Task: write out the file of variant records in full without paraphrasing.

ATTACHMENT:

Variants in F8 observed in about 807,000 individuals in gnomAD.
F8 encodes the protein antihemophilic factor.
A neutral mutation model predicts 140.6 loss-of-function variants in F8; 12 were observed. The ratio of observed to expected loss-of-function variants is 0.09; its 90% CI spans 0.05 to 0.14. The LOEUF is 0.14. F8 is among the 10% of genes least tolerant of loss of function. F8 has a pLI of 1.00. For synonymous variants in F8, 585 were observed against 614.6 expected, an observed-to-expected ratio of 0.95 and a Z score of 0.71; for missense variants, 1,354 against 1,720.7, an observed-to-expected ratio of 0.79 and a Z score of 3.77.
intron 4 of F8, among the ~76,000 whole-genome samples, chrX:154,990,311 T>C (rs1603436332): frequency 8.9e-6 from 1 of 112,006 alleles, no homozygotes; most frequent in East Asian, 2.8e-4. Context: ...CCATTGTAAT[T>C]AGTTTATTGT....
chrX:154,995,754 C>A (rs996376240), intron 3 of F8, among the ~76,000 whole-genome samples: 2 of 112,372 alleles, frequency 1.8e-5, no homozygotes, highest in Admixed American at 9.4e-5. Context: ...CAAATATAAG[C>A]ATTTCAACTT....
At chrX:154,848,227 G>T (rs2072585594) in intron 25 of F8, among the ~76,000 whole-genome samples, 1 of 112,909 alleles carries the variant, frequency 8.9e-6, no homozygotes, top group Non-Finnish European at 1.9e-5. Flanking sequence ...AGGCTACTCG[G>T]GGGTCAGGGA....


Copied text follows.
Variants in F8 observed in about 807,000 individuals in gnomAD.
F8 encodes the protein antihemophilic factor.
A neutral mutation model predicts 140.6 loss-of-function variants in F8; 12 were observed. The ratio of observed to expected loss-of-function variants is 0.09; its 90% CI spans 0.05 to 0.14. The LOEUF is 0.14. F8 is among the 10% of genes least tolerant of loss of function. F8 has a pLI of 1.00. For synonymous variants in F8, 585 were observed against 614.6 expected, an observed-to-expected ratio of 0.95 and a Z score of 0.71; for missense variants, 1,354 against 1,720.7, an observed-to-expected ratio of 0.79 and a Z score of 3.77.
intron 4 of F8, among the ~76,000 whole-genome samples, chrX:154,990,311 T>C (rs1603436332): frequency 8.9e-6 from 1 of 112,006 alleles, no homozygotes; most frequent in East Asian, 2.8e-4. Context: ...CCATTGTAAT[T>C]AGTTTATTGT....
chrX:154,995,754 C>A (rs996376240), intron 3 of F8, among the ~76,000 whole-genome samples: 2 of 112,372 alleles, frequency 1.8e-5, no homozygotes, highest in Admixed American at 9.4e-5. Context: ...CAAATATAAG[C>A]ATTTCAACTT....
At chrX:154,848,227 G>T (rs2072585594) in intron 25 of F8, among the ~76,000 whole-genome samples, 1 of 112,909 alleles carries the variant, frequency 8.9e-6, no homozygotes, top group Non-Finnish European at 1.9e-5. Flanking sequence ...AGGCTACTCG[G>T]GGGTCAGGGA....